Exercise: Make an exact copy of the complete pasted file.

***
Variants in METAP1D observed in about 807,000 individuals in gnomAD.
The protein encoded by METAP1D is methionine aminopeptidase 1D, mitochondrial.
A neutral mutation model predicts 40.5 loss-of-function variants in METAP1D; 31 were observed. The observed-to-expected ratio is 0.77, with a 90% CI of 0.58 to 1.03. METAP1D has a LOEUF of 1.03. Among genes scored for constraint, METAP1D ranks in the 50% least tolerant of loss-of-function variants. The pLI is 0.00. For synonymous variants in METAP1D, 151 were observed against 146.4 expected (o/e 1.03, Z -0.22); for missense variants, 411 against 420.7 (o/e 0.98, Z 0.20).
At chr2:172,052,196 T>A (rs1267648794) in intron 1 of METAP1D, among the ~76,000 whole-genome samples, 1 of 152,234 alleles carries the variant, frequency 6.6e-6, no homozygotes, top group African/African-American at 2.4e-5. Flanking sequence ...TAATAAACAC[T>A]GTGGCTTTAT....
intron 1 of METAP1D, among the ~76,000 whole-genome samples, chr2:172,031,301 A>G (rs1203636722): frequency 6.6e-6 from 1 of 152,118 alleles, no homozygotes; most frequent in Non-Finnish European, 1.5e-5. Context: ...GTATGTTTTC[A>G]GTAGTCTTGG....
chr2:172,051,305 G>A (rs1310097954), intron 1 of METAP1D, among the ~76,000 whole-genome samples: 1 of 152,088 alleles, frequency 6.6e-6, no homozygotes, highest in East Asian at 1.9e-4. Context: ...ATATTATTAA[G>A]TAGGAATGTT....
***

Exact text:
Variants in METAP1D observed in about 807,000 individuals in gnomAD.
The protein encoded by METAP1D is methionine aminopeptidase 1D, mitochondrial.
A neutral mutation model predicts 40.5 loss-of-function variants in METAP1D; 31 were observed. The observed-to-expected ratio is 0.77, with a 90% CI of 0.58 to 1.03. METAP1D has a LOEUF of 1.03. Among genes scored for constraint, METAP1D ranks in the 50% least tolerant of loss-of-function variants. The pLI is 0.00. For synonymous variants in METAP1D, 151 were observed against 146.4 expected (o/e 1.03, Z -0.22); for missense variants, 411 against 420.7 (o/e 0.98, Z 0.20).
At chr2:172,052,196 T>A (rs1267648794) in intron 1 of METAP1D, among the ~76,000 whole-genome samples, 1 of 152,234 alleles carries the variant, frequency 6.6e-6, no homozygotes, top group African/African-American at 2.4e-5. Flanking sequence ...TAATAAACAC[T>A]GTGGCTTTAT....
intron 1 of METAP1D, among the ~76,000 whole-genome samples, chr2:172,031,301 A>G (rs1203636722): frequency 6.6e-6 from 1 of 152,118 alleles, no homozygotes; most frequent in Non-Finnish European, 1.5e-5. Context: ...GTATGTTTTC[A>G]GTAGTCTTGG....
chr2:172,051,305 G>A (rs1310097954), intron 1 of METAP1D, among the ~76,000 whole-genome samples: 1 of 152,088 alleles, frequency 6.6e-6, no homozygotes, highest in East Asian at 1.9e-4. Context: ...ATATTATTAA[G>A]TAGGAATGTT....